The training  styles mentioned above are dependent upon motivational training  techniques. These techniques have been created as a direct result of the study of the animal behavior of the species on which they are working.

This is not to  say that compulsive methods of training do not work, or are inapplicable in dog training. On the contrary, many compulsive techniques are used  with varying degrees of success. Frequently a compulsive technique will  solve a training issue very definitively and as such it still has its  place, even in my own training regimens. However, the degree to which I  use these methods, and the confidence I place in them have changed  dramatically over the years. Compulsive training techniques are based on pain induced compliance. From a human thought process, this is  effective and obtains the desired result. At least, this is what many  trainers espouse.

However, if we  look at the same animal and try to obtain the same desired result using  motivational methods, experience teaches us that the results obtained  are longer lasting with much less recidivism. The dog performs the  desired actions with a positive attitude, and actually enjoys the  process.

Why is there so much difference in success rates between the two methods? There are a  number of reasons, but the most prominent explanation is simply that  motivational techniques require the trainer to understand and apply  concepts of animal behavior. In other words he or she understands how  the canine mind functions and understands how to communicate with and  shape the animals behavior. A good dog trainer understands fundamental  canine behavior and is able to create desired results by communicating  with the animal using techniques the animal is able to understand,  rather than trying to get the dog to conform to human behavior.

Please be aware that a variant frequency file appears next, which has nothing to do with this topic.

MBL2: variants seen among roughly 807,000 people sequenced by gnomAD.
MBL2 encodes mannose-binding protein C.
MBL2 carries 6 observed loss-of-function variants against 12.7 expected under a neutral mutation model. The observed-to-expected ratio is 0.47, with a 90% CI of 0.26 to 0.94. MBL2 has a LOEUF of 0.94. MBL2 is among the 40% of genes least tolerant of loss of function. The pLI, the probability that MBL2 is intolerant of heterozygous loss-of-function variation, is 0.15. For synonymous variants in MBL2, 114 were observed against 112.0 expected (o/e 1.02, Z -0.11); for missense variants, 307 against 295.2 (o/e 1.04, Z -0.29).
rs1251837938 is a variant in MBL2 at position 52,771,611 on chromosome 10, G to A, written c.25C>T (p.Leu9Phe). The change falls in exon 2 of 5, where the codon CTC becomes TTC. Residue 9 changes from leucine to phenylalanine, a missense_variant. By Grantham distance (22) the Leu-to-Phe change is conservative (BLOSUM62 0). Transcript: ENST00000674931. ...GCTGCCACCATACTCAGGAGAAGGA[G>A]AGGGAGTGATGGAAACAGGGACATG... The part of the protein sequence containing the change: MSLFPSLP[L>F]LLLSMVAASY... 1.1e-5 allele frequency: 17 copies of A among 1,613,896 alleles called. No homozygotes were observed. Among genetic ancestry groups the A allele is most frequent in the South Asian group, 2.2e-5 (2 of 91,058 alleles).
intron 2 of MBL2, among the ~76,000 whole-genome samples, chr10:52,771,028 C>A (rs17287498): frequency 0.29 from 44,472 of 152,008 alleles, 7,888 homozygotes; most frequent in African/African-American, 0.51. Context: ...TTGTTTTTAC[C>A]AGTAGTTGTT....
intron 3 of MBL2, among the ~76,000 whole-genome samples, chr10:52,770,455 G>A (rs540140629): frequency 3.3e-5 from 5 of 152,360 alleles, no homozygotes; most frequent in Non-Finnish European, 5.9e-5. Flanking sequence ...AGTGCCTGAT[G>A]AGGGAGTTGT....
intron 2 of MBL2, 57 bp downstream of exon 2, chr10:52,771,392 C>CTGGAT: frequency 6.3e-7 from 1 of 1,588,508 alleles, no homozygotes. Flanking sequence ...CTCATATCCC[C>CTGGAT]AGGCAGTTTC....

Compulsive Training Techniques

Compulsive  techniques can work to a degree in dog training and in fact, most of  your training can be completed using compulsive methods. However the  entire process is done using pain compliance or pain avoidance and the  levels of compliance can be varied depending on each individual animal.

Take for  example a simple heeling exercise and three levels of dogs. For this  example we are going to assume that each dog we are working with has had no previous training. The first dog we work with is a dog that for the  most part we would consider a soft€ dog, or a dog that is handler  sensitive. We put a pinch collar or a choke chain on the dog and start  to work a heeling exercise. As we proceed to move forward and the dog  has its first correction, the likely reaction you will get is probably  going to be one of confusion, maybe even of protest. A really weak dog  may even go into a panic. Our compulsive method must adjust to a level  where we don 't end up ruining the dog or damaging him to a point where  it creates a social problem with him. On some very soft dogs, this  method of training would never be appropriate.